The Christocrats

Two-pronged election strategy: The GOP spends and Jesus saves

You can't buy this kind of publicity, even if you're George W. Bush and your campaign has raised more money than any other in U.S. history.

There he is on the homepage of the Southern Baptists' website, handing out "bags of ice and words of hope" on Wednesday to Floridians battered by Hurricane Frances. Whoops, there he is again on the homepage, in another photo, this time with Brother Jeb, putting ice and bottled water in another motorist's car. Oh, wait, there's a story too.

Bush is well aware of the code phrases that push evangelicals' buttons—his video address to the Southern Baptists' annual meeting in June praised them for "spreading the good news." But the really good news delivered to Bush by the nation's largest Protestant denomination is newly elected Southern Baptist Convention president Bobby Welch's whirlwind evangelical bus tour of all 50 states, now in progress. (The Baptists are the second-largest religious group in the U.S., trailing Catholics, but they have 37,000 churches, more than any other group.)

Welch mixes politics right into his altar calls. An interview with Welch by his denomination's news service goes like this, in part:

He called attention to Psalm 142, a prayer of David's when he was hiding in a cave from the evil that surrounded him. Welch said the images of evil are embedded in minds across the world, and most Americans remember those from September 11 and the Iraq war.

Welch mentioned an interview he saw with former secretary of state Henry Kissinger in which Kissinger said if Americans don't pursue terrorists abroad, the terrorists will follow them home and kill them here. The same is true with the church and the devil, he said. Christians must be on the offense if they are to have any chance of winning the fight.

Christ is the answer, of course, but he didn't make the ballot. So Bush'll do for now as a favorite son. The Southern Baptists are mounting a massive electoral campaign, called I Vote Values, which instructs believers to "examine your core values." It further commands:

Point Out: Our loyalty needs to be with the Lord Jesus Christ. Strongly consider voting for candidates who believe like you do. Don't just vote—vote your values!

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Hey, now, this is strictly nonpartisan—the Baptists can keep their tax-exempt status. So they're not advocating any particular candidate, even though Welch is a pal of madcap General Jerry Boykin, the Pentagon intelligence official who said at a January 2003 evangelism conference at Welch's Daytona Beach church that his God "was bigger" than Allah, who was nothing but an "idol." That's from The Baptist Standard, a Texas paper that will give you an idea of how important this election is to the millions of evangelical Christians who are being mobilized to vote a few weeks hence. And they're not going to be voting for that "Hollywood" candidate, I tell you what.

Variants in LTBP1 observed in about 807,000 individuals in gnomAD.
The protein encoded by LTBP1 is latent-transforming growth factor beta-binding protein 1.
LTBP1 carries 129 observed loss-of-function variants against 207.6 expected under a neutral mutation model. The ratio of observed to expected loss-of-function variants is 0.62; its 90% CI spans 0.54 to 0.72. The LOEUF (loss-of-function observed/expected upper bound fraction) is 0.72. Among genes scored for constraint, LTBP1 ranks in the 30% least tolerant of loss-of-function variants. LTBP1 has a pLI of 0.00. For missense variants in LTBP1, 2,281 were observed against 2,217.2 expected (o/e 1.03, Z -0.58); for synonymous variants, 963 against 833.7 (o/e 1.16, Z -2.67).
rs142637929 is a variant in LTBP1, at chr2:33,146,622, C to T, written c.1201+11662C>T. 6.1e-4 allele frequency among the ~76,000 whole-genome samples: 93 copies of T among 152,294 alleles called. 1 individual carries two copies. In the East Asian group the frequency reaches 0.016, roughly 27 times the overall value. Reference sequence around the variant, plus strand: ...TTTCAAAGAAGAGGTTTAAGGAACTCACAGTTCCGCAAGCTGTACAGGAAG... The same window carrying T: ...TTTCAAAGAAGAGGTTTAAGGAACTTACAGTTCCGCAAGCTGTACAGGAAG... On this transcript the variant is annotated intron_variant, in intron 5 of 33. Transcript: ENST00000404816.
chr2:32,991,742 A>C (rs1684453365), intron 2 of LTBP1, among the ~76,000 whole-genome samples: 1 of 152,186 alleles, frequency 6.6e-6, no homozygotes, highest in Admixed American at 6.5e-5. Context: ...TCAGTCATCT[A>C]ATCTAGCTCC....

On July 30, a day after Kerry was formally nominated, Bush spewed out that code word to an adoring crowd in Bible Belt capital Springfield, Missouri, home of the Southern Baptists' equally evangelical brethren, the Assemblies of God, the sect of praying mantis John Ashcroft. "We have a clear vision on how to win the war on terror and bring peace to the world," Bush told his acolytes in Springfield. "They somehow believe the heart and soul of America can be found in Hollywood. The heart and soul of America is found right here in Springfield, Missouri."

Now don't get all lathered up just because the Assemblies of God does things like run kiss-butt "profiles" of Barbara Bush and because Southern Baptist Bobby Welch mixes politics and Christ to fuel an infernal-combustion bus tour just before the November election. Remember the power of the Reverend Martin Luther King Jr. and the importance of black churches to the civil rights movement. Just keep this evangelizing in mind when issues like the constitutional amendment on marriage pop up. Earlier this summer, the Baptists moved their Battle for Marriage III rally from August 29 to September 19 to coincide with a possible U.S. House debate on "protecting" marriage.

But that rally has been subsumed by a giant Mayday for Marriage gathering of Christian soldiers planned for October 15 in D.C. and featuring former Nixon hatchet man and convicted Watergate felon Chuck Colson, Colorado evangelical pope James Dobson, and Southern Baptist official Richard Land, who wears official presidential-seal cuff links, a present from Bush himself. They're hoping to get at least 1 million people on the Mall. (Please, men: Don't wear your wifebeaters.)

There'll be plenty of Southern Baptists there, because the denomination's leaders tell their troops, "Seek God for your government."

As to party affiliation, well, the Republicans clearly have nothing to do with this. The Baptists' marching orders include this uplifting quote from Benjamin Rush, the 18th century Philly doctor:

I have been alternately called an Aristocrat and a Democrat. I am neither. I am a Christocrat.

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